The phrase "the quality of mercy is not strain'd" is spoken in Act IV of William Shakespeare's The Merchant of Venice, and it is spoken by Portia (in disguise as Antonio's lawyer) in a courtroom. Two things are in play during this speech: one is the legal elements of Shylock's case against Antonio and the other is this plea for mercy, a distinctly Christian concept. In part, mercy is "love of one's friends, compassion for those in difficulty and a willingness to forgive past wrongs...."
Portia has Antonio freely admit his liability to Shylock, the penalty for which is a pound of Antonio's flesh. Instead of pursuing the legal points of her case first, Portia changes direction and speaks to Shylock:
Portia: Do you confess the bond?
Antonio: I do.
Portia: Then must the Jew be merciful.
Shylock: On what compulsion must I? tell me that.
Portia: The quality of mercy is not strain'd,
It droppeth as the gentle rain from heaven
Upon the place beneath. It is twice blest:
It blesseth him that gives and him that takes.
Portia's demand for mercy assumes a Christian morality, something Shylock, a Jew, does not share. When he asks why he "must" show mercy, Portia tells him that mercy cannot be forced ("strain'd") because it demonstrates grace instead of demanding the fulfillment of the law. Even more, mercy blesses both the one who gets it and the one who gives it, raising the status of the giver to God-like. Her reference to God's judgment is a veiled threat that God will judge Shylock for not being merciful, something God will offer, as well, but only to Christians. It is a not-so-veiled statement that Shylock's fate as a Jew is eternal damnation.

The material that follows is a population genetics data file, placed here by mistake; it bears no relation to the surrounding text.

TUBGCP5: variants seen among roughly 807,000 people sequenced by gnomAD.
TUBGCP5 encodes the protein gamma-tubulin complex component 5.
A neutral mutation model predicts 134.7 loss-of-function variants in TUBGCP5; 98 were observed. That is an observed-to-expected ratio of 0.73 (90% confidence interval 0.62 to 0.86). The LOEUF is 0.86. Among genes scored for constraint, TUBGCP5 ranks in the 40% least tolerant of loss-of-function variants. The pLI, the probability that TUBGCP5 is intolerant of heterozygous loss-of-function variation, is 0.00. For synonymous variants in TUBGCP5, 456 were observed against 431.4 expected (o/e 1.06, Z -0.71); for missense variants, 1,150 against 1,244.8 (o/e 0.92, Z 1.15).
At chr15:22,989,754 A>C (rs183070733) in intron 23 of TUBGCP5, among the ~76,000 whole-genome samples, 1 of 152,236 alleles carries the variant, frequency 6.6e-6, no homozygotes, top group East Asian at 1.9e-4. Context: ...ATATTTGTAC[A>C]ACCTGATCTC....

As delivered, then, this request for mercy is really more like an ultimatum than an appeal, for she is about to use Shylock's own commitment to the law against him--unless he demonstrates mercy (undeserved compassion and release from punishment). He does not.
While Portia is the one who makes the appeal for mercy and then shows absolutely no mercy by using a technicality of the law to save Antonio's life, she is not the one who determines Shylock's sentence. The Duke of Venice actually does show mercy to Shylock by saving his life, though in exchange he takes away every reason Shylock has to live as well as his livelihood. He could have taken Shylock's life but he spared it, though perhaps Shylock would argue that he would be better off dead.
What happens to Shylock, by definition, is both just and merciful. It is just because the laws of the land were fairly interpreted in his case. Shylock had a chance to change his fate by showing mercy but refuses, so now he is subject to the laws of the land, which is justice. The law says Shylock's life can be taken, and the Duke shows mercy (forgiveness of a debt) by sparing it. Antonio also displays mercy by giving Shylock the opportunity to keep some of his assets if he will convert to Christianity; though he is forced to renounce his religious heritage, he was nonetheless shown mercy.
While it may not seem like it, Shylock does receive mercy (grace which is freely given) both by the Duke and by Antonio because Shylock keeps his life. Portia might have shown it, too, if he had accepted her appeal. Clearly all of them could have shown more mercy.
For an insightful examination of the religious atmosphere of Shakespeare's England and a discussion of Shylock's forced conversion to Christianity as a merciful act, see the eNotes "Theme" link, below.